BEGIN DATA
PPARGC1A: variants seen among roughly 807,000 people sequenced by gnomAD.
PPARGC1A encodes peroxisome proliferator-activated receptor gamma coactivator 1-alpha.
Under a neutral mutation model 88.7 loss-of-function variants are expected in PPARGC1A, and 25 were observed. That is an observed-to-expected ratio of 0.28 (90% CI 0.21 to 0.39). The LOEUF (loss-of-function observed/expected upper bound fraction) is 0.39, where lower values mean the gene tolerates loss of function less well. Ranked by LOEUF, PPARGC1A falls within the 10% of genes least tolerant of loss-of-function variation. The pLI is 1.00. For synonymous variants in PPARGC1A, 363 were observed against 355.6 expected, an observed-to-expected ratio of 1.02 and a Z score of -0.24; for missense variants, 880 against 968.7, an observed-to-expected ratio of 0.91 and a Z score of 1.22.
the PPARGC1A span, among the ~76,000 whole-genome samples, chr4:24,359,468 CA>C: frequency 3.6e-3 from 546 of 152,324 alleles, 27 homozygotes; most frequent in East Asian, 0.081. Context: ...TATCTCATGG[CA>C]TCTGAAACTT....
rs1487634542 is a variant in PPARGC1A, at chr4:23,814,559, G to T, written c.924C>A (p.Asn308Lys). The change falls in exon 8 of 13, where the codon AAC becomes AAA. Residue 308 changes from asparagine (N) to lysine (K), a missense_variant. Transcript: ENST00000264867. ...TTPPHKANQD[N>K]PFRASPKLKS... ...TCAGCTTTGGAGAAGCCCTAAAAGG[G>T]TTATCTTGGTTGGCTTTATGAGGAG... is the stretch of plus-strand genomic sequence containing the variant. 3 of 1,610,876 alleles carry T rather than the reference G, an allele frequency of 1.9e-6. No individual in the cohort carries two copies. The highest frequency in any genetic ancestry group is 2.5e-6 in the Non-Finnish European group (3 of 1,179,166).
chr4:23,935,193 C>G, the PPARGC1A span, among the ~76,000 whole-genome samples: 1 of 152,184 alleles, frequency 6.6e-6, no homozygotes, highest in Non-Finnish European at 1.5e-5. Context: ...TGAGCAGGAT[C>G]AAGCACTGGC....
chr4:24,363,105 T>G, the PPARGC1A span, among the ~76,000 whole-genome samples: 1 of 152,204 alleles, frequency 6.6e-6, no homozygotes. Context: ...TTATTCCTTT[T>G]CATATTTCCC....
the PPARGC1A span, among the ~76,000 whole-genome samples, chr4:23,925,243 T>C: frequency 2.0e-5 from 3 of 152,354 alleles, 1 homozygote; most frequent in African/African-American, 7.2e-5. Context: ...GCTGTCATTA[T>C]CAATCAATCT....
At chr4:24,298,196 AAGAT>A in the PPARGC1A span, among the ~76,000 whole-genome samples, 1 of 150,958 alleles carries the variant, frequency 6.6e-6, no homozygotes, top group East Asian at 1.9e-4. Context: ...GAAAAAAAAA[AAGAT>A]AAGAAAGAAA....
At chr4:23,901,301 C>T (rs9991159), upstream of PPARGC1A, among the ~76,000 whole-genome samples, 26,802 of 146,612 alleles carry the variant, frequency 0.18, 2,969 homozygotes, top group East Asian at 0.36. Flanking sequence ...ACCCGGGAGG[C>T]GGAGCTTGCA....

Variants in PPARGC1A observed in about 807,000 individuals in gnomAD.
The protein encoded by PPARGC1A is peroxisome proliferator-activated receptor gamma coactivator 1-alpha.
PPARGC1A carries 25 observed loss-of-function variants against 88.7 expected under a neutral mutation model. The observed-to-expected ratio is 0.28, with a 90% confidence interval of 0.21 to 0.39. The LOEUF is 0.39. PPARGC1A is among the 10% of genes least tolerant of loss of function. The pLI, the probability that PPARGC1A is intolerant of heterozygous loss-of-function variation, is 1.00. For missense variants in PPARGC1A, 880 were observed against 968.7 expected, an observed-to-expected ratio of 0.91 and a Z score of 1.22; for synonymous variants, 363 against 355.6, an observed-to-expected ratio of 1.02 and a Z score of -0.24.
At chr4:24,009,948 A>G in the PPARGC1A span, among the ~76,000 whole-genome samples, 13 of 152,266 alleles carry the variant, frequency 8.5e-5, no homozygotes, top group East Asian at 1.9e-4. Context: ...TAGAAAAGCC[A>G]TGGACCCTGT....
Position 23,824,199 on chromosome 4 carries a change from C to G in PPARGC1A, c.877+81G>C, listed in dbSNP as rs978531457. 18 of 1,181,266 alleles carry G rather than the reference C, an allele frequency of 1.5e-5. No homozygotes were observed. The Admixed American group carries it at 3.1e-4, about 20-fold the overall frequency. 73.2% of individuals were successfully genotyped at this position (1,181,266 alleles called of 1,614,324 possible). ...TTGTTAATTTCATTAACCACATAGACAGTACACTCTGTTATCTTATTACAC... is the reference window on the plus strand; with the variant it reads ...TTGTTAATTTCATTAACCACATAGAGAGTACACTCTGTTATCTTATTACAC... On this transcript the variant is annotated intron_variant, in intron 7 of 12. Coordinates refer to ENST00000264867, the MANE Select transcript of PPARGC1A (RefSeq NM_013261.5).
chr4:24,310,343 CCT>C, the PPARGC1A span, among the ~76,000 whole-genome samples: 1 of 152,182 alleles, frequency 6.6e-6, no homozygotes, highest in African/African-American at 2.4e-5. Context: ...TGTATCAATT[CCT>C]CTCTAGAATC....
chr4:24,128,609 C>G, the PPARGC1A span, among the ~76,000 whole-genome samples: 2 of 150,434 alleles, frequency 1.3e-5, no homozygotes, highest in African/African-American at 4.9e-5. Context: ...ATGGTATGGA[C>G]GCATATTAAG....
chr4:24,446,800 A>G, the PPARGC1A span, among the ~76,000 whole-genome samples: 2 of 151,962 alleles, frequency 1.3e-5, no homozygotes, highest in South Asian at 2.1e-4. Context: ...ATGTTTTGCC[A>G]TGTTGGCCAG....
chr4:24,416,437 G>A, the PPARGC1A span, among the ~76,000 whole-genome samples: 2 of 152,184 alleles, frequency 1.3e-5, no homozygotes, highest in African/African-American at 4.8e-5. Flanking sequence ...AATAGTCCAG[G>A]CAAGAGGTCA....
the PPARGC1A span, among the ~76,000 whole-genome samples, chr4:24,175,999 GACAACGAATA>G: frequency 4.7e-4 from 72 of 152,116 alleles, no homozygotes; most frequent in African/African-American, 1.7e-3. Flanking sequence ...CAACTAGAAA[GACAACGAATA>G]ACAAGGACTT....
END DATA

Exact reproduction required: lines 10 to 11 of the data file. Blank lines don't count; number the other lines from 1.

At chr4:23,901,301 C>T (rs9991159), upstream of PPARGC1A, among the ~76,000 whole-genome samples, 26,802 of 146,612 alleles carry the variant, frequency 0.18, 2,969 homozygotes, top group East Asian at 0.36. Flanking sequence ...ACCCGGGAGG[C>T]GGAGCTTGCA....

Variants in PPARGC1A observed in about 807,000 individuals in gnomAD.